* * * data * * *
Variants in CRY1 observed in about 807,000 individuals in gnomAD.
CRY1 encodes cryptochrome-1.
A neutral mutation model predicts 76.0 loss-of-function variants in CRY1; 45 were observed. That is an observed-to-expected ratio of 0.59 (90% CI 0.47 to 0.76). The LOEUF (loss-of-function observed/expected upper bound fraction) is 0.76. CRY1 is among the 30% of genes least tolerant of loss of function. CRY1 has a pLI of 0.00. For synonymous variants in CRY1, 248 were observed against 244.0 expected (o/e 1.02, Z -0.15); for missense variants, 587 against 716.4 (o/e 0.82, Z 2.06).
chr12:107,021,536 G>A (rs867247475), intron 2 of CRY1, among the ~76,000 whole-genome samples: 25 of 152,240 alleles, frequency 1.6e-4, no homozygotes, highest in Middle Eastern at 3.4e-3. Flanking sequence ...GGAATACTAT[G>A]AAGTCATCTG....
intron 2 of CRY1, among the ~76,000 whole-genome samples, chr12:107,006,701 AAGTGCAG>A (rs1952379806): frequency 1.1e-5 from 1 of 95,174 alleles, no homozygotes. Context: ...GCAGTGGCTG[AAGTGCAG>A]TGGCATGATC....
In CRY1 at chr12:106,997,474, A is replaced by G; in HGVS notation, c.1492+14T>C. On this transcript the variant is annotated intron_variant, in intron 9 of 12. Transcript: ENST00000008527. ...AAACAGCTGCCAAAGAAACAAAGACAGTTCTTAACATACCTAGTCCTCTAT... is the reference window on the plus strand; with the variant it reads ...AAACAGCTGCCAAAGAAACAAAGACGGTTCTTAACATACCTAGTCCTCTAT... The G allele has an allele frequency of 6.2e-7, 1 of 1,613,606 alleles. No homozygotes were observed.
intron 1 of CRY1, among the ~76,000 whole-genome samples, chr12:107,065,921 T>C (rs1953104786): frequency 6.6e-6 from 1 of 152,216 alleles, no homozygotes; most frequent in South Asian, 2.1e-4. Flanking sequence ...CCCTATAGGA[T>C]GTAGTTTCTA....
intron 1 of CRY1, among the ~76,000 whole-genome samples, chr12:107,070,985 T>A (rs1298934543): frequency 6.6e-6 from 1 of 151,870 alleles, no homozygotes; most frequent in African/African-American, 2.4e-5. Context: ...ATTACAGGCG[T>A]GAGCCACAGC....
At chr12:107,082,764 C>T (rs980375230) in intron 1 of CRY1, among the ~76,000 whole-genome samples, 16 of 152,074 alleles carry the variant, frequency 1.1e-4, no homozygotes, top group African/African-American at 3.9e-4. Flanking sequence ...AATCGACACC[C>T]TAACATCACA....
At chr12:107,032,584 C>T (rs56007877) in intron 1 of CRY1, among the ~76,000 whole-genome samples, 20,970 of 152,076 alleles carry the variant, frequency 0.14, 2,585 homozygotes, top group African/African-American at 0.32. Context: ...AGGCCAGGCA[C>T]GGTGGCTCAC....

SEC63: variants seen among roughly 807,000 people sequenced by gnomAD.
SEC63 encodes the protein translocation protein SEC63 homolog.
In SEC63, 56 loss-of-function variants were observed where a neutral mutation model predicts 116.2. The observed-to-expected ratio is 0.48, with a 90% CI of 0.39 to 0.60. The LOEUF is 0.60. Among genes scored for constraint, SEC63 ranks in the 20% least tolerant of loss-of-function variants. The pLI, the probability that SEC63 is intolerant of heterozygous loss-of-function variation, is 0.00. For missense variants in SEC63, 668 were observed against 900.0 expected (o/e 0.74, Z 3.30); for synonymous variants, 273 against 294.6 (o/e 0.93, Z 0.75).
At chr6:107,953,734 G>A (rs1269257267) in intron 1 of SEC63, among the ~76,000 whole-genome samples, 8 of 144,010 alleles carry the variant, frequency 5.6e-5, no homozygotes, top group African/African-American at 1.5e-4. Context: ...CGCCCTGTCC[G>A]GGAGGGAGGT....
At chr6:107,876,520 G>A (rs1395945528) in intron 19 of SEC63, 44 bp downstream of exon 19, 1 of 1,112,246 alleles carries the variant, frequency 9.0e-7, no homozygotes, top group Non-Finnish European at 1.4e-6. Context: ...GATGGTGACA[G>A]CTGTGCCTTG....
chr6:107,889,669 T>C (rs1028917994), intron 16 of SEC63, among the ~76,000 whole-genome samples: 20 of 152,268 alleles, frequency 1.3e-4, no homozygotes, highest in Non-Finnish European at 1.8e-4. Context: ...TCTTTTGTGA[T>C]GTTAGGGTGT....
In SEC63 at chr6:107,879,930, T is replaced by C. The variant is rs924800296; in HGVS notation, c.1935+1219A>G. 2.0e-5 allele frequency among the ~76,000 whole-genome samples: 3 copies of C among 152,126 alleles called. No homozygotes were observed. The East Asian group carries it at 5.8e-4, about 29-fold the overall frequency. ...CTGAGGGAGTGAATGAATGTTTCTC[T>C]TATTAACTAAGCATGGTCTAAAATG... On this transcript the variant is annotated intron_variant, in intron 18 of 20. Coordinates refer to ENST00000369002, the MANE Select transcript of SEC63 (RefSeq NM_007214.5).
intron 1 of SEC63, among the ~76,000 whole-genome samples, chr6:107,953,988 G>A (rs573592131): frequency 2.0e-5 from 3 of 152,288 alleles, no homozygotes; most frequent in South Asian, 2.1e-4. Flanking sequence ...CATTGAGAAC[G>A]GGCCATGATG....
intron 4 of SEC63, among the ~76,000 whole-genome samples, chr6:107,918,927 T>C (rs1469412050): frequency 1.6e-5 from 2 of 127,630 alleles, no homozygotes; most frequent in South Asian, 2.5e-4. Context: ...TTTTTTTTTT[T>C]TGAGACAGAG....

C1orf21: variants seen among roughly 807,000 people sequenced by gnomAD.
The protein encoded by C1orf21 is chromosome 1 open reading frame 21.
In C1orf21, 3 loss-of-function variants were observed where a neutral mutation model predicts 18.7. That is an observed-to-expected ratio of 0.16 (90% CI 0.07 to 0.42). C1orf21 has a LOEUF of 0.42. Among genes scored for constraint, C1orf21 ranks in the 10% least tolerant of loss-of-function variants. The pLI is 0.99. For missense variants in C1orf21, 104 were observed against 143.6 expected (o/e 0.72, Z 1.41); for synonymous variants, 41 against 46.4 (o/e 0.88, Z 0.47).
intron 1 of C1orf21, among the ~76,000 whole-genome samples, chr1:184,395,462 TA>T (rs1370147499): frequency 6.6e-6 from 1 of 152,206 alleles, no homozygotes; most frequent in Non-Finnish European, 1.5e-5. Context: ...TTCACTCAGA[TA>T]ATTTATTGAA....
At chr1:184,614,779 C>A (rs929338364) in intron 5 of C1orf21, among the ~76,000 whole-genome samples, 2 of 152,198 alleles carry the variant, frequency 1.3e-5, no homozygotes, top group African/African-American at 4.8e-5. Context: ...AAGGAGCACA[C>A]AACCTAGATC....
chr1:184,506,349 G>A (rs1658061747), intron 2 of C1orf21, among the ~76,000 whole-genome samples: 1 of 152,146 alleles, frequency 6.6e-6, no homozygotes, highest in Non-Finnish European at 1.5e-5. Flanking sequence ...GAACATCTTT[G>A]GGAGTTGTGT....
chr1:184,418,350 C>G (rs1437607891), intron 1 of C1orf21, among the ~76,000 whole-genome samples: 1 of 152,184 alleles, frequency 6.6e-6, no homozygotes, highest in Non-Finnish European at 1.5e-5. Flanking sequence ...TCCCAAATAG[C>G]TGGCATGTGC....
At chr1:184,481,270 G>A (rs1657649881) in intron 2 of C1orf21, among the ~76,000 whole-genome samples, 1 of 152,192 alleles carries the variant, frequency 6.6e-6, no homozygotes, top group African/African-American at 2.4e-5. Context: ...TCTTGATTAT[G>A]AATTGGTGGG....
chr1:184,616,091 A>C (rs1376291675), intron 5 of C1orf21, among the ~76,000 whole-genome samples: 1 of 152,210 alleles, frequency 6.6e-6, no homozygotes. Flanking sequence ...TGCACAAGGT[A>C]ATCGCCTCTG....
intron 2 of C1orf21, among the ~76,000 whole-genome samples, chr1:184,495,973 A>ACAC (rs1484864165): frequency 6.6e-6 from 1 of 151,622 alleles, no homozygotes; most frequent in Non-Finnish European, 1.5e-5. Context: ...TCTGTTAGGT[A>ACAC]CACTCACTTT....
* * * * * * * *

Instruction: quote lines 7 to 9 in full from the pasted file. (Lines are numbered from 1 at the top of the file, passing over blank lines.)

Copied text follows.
intron 1 of CRY1, among the ~76,000 whole-genome samples, chr12:107,065,921 T>C (rs1953104786): frequency 6.6e-6 from 1 of 152,216 alleles, no homozygotes; most frequent in South Asian, 2.1e-4. Flanking sequence ...CCCTATAGGA[T>C]GTAGTTTCTA....
intron 1 of CRY1, among the ~76,000 whole-genome samples, chr12:107,070,985 T>A (rs1298934543): frequency 6.6e-6 from 1 of 151,870 alleles, no homozygotes; most frequent in African/African-American, 2.4e-5. Context: ...ATTACAGGCG[T>A]GAGCCACAGC....
At chr12:107,082,764 C>T (rs980375230) in intron 1 of CRY1, among the ~76,000 whole-genome samples, 16 of 152,074 alleles carry the variant, frequency 1.1e-4, no homozygotes, top group African/African-American at 3.9e-4. Flanking sequence ...AATCGACACC[C>T]TAACATCACA....